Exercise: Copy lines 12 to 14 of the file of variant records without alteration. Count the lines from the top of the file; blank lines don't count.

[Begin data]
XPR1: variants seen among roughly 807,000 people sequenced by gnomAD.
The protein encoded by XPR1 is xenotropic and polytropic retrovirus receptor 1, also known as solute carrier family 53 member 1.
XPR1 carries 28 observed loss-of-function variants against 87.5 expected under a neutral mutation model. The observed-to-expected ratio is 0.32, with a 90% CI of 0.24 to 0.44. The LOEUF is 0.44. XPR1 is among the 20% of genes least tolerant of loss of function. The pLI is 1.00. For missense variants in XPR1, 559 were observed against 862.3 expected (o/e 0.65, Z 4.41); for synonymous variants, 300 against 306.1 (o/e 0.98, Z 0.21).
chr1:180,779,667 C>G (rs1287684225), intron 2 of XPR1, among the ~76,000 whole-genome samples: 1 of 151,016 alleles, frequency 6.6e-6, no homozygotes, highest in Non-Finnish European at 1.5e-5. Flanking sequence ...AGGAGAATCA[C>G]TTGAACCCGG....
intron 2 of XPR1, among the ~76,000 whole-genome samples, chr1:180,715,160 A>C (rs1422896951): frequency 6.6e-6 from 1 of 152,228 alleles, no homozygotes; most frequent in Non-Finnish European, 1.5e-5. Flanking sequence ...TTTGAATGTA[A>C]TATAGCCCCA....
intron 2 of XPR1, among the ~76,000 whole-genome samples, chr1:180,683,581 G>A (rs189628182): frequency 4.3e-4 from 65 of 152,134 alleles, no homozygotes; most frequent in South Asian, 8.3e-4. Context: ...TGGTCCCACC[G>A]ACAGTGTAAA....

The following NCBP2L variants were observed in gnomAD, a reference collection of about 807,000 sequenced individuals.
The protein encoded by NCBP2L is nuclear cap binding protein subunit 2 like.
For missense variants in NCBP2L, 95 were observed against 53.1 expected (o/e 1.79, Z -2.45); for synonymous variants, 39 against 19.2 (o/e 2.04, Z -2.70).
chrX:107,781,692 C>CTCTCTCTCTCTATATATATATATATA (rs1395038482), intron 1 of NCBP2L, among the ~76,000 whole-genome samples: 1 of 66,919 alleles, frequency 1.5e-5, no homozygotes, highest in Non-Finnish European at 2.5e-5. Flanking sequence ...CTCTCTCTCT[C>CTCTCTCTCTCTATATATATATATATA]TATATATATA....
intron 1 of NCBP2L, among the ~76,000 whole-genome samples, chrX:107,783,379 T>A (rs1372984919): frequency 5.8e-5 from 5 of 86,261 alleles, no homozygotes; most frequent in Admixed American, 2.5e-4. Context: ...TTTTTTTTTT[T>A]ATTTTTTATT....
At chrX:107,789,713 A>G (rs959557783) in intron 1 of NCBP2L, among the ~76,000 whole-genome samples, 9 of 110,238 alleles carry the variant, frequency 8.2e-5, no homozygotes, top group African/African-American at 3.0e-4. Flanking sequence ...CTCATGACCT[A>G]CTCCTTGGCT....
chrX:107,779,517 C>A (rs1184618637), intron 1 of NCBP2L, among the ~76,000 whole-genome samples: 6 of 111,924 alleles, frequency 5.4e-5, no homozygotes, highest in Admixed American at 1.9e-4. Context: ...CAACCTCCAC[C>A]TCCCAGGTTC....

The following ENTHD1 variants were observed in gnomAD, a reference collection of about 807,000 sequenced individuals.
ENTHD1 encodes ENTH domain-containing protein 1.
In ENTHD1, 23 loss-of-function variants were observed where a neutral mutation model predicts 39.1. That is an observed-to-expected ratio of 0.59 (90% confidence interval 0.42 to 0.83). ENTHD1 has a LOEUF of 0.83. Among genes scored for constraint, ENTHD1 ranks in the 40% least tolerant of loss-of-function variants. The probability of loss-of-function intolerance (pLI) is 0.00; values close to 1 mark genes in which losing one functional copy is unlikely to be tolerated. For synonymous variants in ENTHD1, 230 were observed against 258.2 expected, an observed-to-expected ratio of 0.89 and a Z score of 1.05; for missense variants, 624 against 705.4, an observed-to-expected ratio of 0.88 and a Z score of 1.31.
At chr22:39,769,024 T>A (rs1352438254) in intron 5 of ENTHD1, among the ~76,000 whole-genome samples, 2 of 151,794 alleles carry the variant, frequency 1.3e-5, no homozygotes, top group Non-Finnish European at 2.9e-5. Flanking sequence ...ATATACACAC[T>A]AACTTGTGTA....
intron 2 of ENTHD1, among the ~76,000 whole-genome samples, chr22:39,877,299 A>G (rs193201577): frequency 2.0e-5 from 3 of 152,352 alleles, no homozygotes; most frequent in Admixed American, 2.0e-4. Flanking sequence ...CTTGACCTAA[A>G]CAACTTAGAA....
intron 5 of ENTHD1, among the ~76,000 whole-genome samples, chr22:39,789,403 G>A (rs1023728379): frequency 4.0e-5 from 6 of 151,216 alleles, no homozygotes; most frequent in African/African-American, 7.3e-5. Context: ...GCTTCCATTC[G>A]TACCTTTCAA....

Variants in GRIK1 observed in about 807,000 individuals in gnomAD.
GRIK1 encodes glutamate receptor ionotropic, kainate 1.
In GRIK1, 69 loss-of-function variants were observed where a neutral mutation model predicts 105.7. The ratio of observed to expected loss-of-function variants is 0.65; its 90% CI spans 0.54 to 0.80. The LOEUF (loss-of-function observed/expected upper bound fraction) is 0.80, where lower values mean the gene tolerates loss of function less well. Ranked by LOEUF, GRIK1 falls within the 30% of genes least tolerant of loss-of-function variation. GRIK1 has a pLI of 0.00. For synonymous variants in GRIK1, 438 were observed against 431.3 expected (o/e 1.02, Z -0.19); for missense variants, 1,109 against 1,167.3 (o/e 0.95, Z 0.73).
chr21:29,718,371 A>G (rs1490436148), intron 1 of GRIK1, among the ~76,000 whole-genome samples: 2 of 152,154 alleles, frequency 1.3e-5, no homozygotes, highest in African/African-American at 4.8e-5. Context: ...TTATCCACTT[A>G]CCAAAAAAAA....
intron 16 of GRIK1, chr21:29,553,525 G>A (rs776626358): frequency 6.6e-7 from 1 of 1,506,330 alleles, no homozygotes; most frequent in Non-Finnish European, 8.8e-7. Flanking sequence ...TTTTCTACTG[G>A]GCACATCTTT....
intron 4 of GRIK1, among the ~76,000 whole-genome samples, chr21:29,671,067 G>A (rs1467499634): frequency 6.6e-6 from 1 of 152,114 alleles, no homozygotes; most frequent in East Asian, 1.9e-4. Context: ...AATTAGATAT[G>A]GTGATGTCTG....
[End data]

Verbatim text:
At chrX:107,789,713 A>G (rs959557783) in intron 1 of NCBP2L, among the ~76,000 whole-genome samples, 9 of 110,238 alleles carry the variant, frequency 8.2e-5, no homozygotes, top group African/African-American at 3.0e-4. Flanking sequence ...CTCATGACCT[A>G]CTCCTTGGCT....
chrX:107,779,517 C>A (rs1184618637), intron 1 of NCBP2L, among the ~76,000 whole-genome samples: 6 of 111,924 alleles, frequency 5.4e-5, no homozygotes, highest in Admixed American at 1.9e-4. Context: ...CAACCTCCAC[C>A]TCCCAGGTTC....

The following ENTHD1 variants were observed in gnomAD, a reference collection of about 807,000 sequenced individuals.